Monday, July 16, 2007

Scratch-built weekend

We're loving the local food challenge so far. It's pushing us to do more, get more creative, and eat what we have instead of eating whatever we want. The food's been better despite the limits of what's in season. (Of course, just about everything is in season at the moment...)

But we have one steadfastly non-local eater: Amelia. Due to her sensory and communication issues, she has quite a limited range of textures that she'll willingly eat. We know all the food tricks and techniques and ideas for picky eaters, and as far as we can tell, she's totally immune to all of them. (Our son is a champion non-picky eater, eager to try almost anything he doesn't recognize.)

In fact with Amelia, sometimes it's even hard to get her to eat the foods she loves. Despite the fact that she 's been eating yogurt or applesauce (with medication mixed in) every single night for over half her life, the first bite is literally a struggle almost every night. Once she gets a taste, she realizes that we weren't actually trying to poison her, and (usually) happily gobbles down the rest of the bowl.

Her preferred food textures are crispy or pureed/creamy. And the latter is pretty dicey. So mostly crispy. We decided to see if we could make anything for her from scratch.

The first attempt was yogurt. I know - Make yogurt from scratch, are you crazy? Well, actually it was incredibly simple. Following instructions from Pat Meadows found here, I successfully made a quart of yogurt. (As much as I enjoyed Madcap's recipe, Pat's was the link I had on hand...)

Just to prove to you that it's easy, here are the basic steps:
1. Mix milk with dry (instant) milk
2. Heat to 180F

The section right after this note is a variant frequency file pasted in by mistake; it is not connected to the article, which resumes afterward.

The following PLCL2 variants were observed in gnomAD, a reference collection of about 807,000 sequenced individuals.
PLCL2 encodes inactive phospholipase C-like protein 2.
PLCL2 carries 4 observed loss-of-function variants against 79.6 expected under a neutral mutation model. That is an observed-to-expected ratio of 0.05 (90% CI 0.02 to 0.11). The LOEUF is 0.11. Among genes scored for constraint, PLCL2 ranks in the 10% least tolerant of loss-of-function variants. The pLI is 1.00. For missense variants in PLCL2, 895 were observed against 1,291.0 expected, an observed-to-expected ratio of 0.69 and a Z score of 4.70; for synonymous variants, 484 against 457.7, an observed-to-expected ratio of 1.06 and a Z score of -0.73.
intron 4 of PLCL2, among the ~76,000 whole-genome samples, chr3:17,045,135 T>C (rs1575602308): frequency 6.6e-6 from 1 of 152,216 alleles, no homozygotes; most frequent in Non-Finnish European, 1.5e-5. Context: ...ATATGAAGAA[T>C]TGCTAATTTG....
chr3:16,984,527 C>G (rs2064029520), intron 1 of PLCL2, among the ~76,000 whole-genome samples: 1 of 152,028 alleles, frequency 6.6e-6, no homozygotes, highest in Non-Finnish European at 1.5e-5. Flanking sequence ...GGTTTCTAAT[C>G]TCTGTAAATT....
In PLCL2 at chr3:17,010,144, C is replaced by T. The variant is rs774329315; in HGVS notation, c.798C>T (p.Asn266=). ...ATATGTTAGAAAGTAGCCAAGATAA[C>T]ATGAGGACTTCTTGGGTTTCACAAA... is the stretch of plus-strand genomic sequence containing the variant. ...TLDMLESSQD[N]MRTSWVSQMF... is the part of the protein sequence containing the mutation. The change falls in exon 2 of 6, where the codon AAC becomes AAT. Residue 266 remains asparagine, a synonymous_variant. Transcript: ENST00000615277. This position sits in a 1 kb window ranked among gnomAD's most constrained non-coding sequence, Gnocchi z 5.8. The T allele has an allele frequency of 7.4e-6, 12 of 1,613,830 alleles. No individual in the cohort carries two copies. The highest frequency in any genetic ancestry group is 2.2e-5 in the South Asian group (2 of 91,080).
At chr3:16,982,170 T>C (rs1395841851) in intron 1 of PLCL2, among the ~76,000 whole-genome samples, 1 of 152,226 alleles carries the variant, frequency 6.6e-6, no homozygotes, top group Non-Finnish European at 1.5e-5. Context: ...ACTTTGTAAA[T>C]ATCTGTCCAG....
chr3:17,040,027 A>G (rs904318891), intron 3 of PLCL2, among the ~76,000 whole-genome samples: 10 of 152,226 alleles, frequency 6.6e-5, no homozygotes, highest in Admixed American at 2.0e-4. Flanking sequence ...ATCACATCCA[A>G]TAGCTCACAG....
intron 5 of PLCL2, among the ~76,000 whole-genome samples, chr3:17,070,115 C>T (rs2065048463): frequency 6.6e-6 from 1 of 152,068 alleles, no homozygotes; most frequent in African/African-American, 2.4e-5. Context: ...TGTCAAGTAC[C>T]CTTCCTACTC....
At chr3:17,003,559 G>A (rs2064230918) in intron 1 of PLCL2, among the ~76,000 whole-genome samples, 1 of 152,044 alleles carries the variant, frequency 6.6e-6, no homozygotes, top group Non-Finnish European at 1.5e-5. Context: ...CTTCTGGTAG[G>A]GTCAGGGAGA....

3. Cool to 110F
4. Mix in a little plain yogurt
5. Keep warm for 4-6 hours

Despite the simplicity, my first attempt didn't work for a variety of reasons. (I never said I was smart.) I was using whole goat's milk rather than 2% from the store, which could have affected things. I got the proportions of milk and dry milk wrong. I also accidentally grabbed the peach flavored yogurt rather than the plain, which I'm sure was the main problem. I realized my mistake as bits of peach flavored goo from the bottom appeared in my mix. I went ahead and strained them out, but I imagine even without that, the yogurt itself was probably sweetened. But I kept going, just to see what would happen. My final mistake was not keeping it warm long enough.

So for my next attempt, I made some adjustments. First, I made sure to use plain yogurt as my starter. (Powdered starter next time, probably.) Second, I let it stay warm longer. I checked it after about 5 hours and it was still liquid, so I went to bed. When I got up in the morning, it was still quite warm and had thickened to a yogurt-like consistency. It passed the taste test too.